Strike The Black, which involved the arrest of 5,000 people over an eight-month period, including dozens of allegedly corrupt officials and organized crime figures – among them the city’s deputy police commissioner and his sister-in-law, known as the “godmother of Chongqing” – is the campaign that both made Mr. Bo a folk hero with many ordinary Chinese and earned him the ire of a handful of outspoken intellectuals.
Chief among the latter is He Weifang, a prominent law professor at Beijing University who did his legal studies in Chongqing. In an open “letter to Chongqing colleagues” that he published on the Internet last month, Prof. He warned that “the Cultural Revolution is being replayed, and the ideal of rule of law is right now being lost.”
Particularly disturbing, he said, was the tendency in Chongqing for police, prosecutors and judges to work together – with no separation of powers – to ensure convictions in the Strike the Black campaign.
Prof. He said the rollback of rights and the old-style propaganda campaigns were particularly galling given that Mr. Bo was among those persecuted during the Cultural Revolution, spending five years in a prison and another five in a labour camp after his father, Bo Yibo, was identified as a counterrevolutionary by Mao’s powerful wife, Jiang Qing. That appears forgotten now in the name of political ambition.
“Probably, [Mr. Bo]thinks he needs these campaigns to show he is the most charming provincial governor, the one with the strongest fist and biggest head,” Prof. He said in an interview in a Beijing café. “He doesn’t want to be just another provincial boss. He wants to be special.”
But others argue that the debate over Strike the Black and the red songs campaign has obscured the real substance of what Mr. Bo and his deputy Huang Qifan are accomplishing in Chongqing.
Cui Zhiyuan, a professor of public policy at Beijing’s Tsinghua University who volunteered for secondment to the Chongqing government, says what’s most important about the Chongqing model are the government’s twin experiments with reforming notoriously unwieldy state-owned enterprises and overhauling the country’s hated hukou land registration system.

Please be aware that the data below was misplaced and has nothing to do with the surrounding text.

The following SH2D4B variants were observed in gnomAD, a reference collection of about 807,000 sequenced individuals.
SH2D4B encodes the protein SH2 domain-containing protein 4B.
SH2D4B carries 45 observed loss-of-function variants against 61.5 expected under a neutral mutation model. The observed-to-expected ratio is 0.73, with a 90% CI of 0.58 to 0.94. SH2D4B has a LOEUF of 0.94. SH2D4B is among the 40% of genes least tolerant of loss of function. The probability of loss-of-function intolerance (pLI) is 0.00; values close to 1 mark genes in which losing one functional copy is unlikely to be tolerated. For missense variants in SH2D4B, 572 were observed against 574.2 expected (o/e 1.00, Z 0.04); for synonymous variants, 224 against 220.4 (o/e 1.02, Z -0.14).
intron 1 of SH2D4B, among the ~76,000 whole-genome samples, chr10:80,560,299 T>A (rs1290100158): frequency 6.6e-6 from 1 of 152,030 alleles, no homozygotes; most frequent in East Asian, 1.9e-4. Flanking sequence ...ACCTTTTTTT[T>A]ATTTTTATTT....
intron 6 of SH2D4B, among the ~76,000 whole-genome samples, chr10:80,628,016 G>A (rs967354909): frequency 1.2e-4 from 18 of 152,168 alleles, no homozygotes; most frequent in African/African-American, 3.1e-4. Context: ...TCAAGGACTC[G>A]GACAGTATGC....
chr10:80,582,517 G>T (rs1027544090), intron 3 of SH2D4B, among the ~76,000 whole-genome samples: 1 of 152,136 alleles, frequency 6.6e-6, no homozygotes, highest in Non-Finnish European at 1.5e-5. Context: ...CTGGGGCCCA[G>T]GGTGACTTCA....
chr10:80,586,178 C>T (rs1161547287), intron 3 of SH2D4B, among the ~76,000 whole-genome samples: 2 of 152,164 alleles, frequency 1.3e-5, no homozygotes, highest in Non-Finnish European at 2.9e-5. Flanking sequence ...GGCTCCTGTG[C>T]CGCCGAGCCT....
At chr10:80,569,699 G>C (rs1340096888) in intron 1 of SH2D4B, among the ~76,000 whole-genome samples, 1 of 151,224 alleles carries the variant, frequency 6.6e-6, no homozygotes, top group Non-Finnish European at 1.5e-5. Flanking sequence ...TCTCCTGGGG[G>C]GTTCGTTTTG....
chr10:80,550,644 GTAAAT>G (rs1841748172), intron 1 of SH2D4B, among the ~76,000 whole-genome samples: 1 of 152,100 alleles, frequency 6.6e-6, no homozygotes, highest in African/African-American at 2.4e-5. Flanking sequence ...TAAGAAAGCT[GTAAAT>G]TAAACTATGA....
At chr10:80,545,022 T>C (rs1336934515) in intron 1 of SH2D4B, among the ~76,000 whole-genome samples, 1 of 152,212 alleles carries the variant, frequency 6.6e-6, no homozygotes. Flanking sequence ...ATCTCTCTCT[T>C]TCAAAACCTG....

The former has seen state-owned corporations abandon their focus on heavy industry and move into more profitable fields such as finance, increasing revenues and allowing the government to slash corporate taxes on private enterprises – hardly a sign of the red revival many fear. The latter program, which is unique in China, has moved to ease the disparity between the country’s urban and rural halves – which is institutionalized by a system of registration papers known as hukou, which aim to slow the country’s rural-to-urban shift by making it difficult for migrant workers to purchase land or access the education and health- care systems in their new homes.
Chongqing’s reforms offer rural hukou holders who have lived in the city for five years or more the opportunity to exchange their arable land for homes in the city that come with a treasured urban hukou – allowing the family to access the same hospitals and schools as those born within the city limits. The state gains too, Prof. Cui said, because China is approaching an arable land crisis which can be avoided by converting some of the hundreds of millions of small-scale farms around the country into larger, more productive plots.
Prof. Cui said working for the Chongqing government in 2011 is comparable to working in Shenzhen in the 1980s, when it was the only city allowed to experiment with free market policies because of its proximity to Hong Kong. Now, Chongqing is the place in China where new ideas are given a chance to be put into practice.
“There are a lot of Western media reports that Bo Xilai wants to be a member of the Standing Committee [of the Politburo]at the next congress,” Prof. Cui said. “But I think the key thing is that he’s started a political reform. He’s trying to shake up the system.”